Monday, May 22: Flint Pen Strand

Another new species was added to the FWC CREW wildlife management area in the morning. The Spot-winged Glider above was very cooperative and hovered right beside me without darting off, even with the camera pointed right at it. That brings us up to 24 species of dragonflies and seven species of damselflies that have been identified.

The other nice discovery during the morning hike was a pair of nesting Black-necked Stilts.

Their nests are typically shallow scrapes in sand. What's uncommon is that literature says they are typically colony nesters with other stilts and shorebirds.

This pair is all by itself. Several years ago a pair of stilts tried nesting, but Fish Crows discovered the nest and a mob of them overwhelmed the stilts and destroyed the eggs. Hopefully, this year will be more successful for the stilts.

Although the morning sky was clear, it was very foggy before sunrise. The regular cast of characters were present before the sun eventually rose.

The Roseate Spoonbill at the left was in its normal spot, joined by one of the Black-necked Stilts, an immature Little Blue Heron, and a pair of Common Gallinules. Gators floated on lake's surface in the deeper areas. A Great Blue Heron rested on a different sandbar in the west lake.

The pair of Sandhill Cranes was preening on their sandbar in the east lake. When they were ready for the morning, they began calling and flew off.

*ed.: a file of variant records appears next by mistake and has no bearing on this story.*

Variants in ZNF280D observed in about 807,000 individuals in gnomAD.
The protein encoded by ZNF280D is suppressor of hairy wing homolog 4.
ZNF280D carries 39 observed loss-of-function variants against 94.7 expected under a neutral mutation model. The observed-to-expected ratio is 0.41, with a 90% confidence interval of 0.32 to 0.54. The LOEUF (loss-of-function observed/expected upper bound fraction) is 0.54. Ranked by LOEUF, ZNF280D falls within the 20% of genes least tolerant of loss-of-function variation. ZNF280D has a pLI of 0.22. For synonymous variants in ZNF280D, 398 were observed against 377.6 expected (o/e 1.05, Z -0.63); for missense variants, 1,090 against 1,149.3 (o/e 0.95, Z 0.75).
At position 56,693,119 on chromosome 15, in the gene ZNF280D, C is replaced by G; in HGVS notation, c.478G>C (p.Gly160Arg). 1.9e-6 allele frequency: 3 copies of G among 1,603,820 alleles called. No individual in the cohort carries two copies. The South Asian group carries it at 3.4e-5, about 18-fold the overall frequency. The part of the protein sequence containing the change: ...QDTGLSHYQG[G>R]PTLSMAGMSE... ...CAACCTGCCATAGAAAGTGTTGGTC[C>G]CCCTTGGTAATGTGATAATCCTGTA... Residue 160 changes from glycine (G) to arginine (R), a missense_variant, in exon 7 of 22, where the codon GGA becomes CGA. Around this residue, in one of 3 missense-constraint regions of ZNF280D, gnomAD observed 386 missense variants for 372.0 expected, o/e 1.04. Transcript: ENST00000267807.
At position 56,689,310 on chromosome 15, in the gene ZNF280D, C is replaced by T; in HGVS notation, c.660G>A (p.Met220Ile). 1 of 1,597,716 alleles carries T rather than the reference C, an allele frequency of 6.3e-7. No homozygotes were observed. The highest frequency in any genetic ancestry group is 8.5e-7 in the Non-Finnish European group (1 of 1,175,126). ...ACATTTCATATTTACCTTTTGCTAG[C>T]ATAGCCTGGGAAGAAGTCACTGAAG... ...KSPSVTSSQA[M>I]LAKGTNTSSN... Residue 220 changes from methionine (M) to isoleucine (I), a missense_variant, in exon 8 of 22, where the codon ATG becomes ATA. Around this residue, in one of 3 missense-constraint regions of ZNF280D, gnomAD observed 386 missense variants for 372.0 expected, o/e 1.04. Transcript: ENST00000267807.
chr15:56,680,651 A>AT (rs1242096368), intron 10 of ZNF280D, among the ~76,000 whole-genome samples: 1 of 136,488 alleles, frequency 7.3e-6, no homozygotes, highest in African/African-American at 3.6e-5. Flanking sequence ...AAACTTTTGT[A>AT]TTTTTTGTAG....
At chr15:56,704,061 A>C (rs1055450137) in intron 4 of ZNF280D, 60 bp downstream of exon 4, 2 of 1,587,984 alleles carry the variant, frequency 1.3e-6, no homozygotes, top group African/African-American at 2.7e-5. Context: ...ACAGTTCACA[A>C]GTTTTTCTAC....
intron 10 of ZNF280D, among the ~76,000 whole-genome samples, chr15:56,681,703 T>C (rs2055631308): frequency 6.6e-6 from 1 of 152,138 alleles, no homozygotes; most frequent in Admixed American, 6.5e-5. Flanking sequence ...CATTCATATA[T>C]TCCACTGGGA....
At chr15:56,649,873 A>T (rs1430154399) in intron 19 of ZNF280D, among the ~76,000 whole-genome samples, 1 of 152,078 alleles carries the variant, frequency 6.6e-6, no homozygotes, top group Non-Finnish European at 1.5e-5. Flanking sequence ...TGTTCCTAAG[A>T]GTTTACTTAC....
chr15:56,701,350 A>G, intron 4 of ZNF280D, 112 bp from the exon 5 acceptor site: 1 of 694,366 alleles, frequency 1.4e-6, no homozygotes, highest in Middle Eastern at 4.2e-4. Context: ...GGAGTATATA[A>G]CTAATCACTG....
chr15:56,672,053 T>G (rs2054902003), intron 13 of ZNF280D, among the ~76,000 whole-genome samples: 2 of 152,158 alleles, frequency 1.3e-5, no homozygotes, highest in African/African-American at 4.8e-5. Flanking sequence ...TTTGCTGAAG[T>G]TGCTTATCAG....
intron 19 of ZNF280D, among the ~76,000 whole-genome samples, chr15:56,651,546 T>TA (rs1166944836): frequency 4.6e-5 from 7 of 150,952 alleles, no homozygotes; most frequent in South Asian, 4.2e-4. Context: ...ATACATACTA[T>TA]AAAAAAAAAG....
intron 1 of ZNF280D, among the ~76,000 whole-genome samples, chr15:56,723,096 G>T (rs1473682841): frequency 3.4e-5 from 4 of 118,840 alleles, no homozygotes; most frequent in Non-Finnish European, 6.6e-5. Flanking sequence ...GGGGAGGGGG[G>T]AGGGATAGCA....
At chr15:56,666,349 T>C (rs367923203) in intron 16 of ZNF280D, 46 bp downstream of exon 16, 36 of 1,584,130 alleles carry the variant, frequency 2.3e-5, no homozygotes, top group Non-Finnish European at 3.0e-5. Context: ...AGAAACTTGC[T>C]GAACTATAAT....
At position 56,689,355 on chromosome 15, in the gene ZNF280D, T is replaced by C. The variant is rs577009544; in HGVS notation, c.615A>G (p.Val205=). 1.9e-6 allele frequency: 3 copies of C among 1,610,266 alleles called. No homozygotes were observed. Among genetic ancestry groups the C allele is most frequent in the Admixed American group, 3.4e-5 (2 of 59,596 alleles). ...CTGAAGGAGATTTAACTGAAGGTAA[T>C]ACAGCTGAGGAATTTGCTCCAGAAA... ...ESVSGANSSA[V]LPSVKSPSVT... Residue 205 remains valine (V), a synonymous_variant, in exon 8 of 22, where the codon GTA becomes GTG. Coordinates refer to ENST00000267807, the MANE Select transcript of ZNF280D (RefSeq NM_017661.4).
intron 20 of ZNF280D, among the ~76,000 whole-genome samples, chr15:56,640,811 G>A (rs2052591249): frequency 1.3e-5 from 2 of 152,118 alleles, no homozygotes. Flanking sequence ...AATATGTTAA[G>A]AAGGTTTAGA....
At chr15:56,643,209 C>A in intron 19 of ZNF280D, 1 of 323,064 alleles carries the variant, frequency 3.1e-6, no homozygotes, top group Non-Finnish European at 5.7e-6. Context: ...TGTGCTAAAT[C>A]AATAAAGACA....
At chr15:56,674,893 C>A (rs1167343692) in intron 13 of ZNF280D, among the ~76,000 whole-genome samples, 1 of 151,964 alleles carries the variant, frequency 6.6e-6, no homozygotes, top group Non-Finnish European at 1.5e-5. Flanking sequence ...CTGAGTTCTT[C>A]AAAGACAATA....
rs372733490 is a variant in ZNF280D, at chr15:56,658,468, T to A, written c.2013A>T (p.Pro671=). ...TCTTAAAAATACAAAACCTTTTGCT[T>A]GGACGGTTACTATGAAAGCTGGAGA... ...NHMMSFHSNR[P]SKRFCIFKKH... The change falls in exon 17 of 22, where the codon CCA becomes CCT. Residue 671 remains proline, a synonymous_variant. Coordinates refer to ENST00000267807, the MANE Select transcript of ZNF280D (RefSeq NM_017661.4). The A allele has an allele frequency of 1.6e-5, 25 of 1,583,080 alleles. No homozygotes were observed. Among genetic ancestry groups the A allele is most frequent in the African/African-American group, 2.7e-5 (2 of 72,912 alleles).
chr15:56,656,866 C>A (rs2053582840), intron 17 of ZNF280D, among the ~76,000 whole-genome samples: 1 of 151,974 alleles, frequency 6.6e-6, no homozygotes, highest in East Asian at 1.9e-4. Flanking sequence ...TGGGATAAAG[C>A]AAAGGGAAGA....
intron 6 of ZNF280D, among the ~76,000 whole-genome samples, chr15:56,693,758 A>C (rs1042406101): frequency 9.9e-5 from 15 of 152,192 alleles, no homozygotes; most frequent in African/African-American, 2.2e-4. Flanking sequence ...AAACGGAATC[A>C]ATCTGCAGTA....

Northern Cardinals, Red-bellied Woodpeckers, Boat-tailed Grackles, Northern Mockingbirds, and Great-crested Flycatchers all called from the cypress dome and surrounding pines, and the quartet of Wild Turkeys moved from the nighttime roost in the understory of the cypress dome and crossed into the grasses and pines to the west. The two poults had grown but were still tiny compared to the two hens.

When the sun was up and the fog was gone, other birds seen around the lakes included Green Herons, Snowy Egrets, Tricolored Herons, and Double-crested Cormorants. No ducks were present this week.

It was a deer morning later on. One group of four does was in the middle of the marsh, another trio of does was in the northwest corner of the marsh, and four more White-tailed Deer, one doe and three stags, browsed in the Wax Myrtle between the marsh and the canal.